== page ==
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Surviving Singles Awareness Day

 

 

Singles Sign
Photo Illustration | Derek Oldham | The Broadside

Cedar Goslin
The Broadside

Valentine’s Day is rapidly approaching and there’s not a store or TV channel that’s going to let you forget it.

This time of year, pink and red heart-shaped foil balloons hover over every checkout aisle at the super markets, every other commercial on TV is advertising diamonds and stores are cluttered with boxed chocolates and five foot tall teddy bears wielding hearts that say things like, “Be Mine.”

The media, or at least jewelry and chocolate advertisements, portray Valentine’s Day as a day of romance, hand holding and quality time with that special someone.

But not everyone has a special someone.

So how do people without a hand to hold feel about Valentine’s Day?

While some see it as a day of romance, for others Valentine’s Day has earned the nickname Singles Awareness Day. With all the hype about relationships around Feb. 14, those who are single suddenly become aware of their status—sometimes painfully so— and in that case the anagram S.A.D may reflect their feelings on that state of affairs.

“I can’t say I’m extreme one way or the other. I like any holiday the kids get excited about,” said Jennifer Clark, a Central Oregon Community College student in the Health Information Technology program. “I think if I were single I might feel differently.”

There were some COCC students who did feel differently: seven out of 15 students asked in front of the Campus Center and Barber Library said that they didn’t like Valentine’s Day, four said it was a holiday they enjoyed and four said they didn’t care about the holiday either way.

Those who weren’t fond of Valentine’s Day chose not to comment, so it’s unknown whether or not their dislike had to do with being single, but according to COCC student Jean Marshall, Valentine’s Day isn’t just for couples.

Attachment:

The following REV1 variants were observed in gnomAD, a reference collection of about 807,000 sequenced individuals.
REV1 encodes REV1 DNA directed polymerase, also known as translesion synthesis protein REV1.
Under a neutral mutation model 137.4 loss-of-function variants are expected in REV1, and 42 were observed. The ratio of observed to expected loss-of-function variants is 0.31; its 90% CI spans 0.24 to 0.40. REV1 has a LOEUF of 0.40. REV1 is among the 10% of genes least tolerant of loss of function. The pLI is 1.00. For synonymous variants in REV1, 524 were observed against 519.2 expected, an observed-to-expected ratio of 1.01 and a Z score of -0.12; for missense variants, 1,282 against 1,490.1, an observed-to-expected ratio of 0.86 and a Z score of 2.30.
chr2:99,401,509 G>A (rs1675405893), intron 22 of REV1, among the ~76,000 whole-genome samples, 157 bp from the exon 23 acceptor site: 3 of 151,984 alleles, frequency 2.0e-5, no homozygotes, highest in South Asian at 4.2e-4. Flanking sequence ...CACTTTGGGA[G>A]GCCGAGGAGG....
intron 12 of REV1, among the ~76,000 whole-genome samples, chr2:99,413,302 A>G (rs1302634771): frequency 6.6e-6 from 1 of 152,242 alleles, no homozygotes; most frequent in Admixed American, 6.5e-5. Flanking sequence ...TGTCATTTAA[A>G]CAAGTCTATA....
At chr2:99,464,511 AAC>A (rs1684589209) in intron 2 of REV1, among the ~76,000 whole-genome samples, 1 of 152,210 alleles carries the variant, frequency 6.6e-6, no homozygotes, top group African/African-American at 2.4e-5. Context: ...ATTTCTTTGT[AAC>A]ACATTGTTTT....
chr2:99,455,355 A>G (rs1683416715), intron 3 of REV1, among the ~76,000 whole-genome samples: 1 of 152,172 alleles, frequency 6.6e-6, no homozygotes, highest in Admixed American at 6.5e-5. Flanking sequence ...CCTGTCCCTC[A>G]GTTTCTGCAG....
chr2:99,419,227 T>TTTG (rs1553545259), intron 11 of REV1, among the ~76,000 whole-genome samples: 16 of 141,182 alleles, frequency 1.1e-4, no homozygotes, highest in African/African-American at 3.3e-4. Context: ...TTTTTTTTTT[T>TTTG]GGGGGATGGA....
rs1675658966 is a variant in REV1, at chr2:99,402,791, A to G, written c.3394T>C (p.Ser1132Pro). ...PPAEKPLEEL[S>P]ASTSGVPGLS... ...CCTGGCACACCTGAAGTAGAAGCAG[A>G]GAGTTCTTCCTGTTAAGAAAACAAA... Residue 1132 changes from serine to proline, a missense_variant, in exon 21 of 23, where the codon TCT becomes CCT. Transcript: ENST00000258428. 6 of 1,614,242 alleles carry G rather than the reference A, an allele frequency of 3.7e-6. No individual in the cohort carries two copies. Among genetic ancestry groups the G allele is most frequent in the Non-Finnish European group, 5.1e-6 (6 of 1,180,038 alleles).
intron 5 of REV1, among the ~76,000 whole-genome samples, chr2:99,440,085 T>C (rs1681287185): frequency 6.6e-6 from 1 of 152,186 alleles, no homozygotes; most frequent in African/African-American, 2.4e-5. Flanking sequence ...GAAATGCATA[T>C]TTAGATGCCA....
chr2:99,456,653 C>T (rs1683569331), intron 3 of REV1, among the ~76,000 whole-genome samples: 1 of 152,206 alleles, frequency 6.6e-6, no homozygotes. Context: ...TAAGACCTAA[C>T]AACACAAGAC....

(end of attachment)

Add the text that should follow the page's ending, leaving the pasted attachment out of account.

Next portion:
“I celebrate with my daughters,” said Marshall, who enjoys buying gifts for her girls every Valentine’s Day and sometimes doing activities with them. On the subject of love, however, Marshall thought that Valentine’s Day had lost its luster, even for couples.

“I don’t think men are interested in it anymore,” said Marshall.

Whether you’re celebrating Valentine’s Day or Singles Awareness Day this year, Feb. 14 can be a day full of stress, but it also has the potential to be a lot of fun, so whatever you’re celebrating this year try to enjoy yourself!

 

Five ways to Celebrate

“Singles Awarness Day”

1. Celebrate being single!

Don’t let all of the couple propaganda let you forget how nice it is to be unattached: go out dancing or do another activity that allows you to enjoy some light-hearted flirting withouta bit of guilt.

2. Do something special with someone close to you.

Who says Valentine’s Day is just about romantic love? Get together with a good friend or close family member and do something fun. Movies are always a great activity. If you go with friends you won’t be bothered by all of the happy couples in attendance.

3. Pamper yourself.

While those who are in relationships are getting dolled up in uncomfortable tuxes and dresses, take this day to relax. You could catch up on your reading or get a massage!

4. Do something outdoors.

Weather permitting, a nice hike is a great way to get away from all the Valentine’s Dayhype.

5. Raid the discount chocolate bins.

Valentine’s chocolate usually goes on sale the day of or the day after Valentine’s day, so while couples are out making googly eyes at each other, make sure you get the first pick—suckers!

Cedar Goslin can be reached at cgoslin@cocc.edu

 

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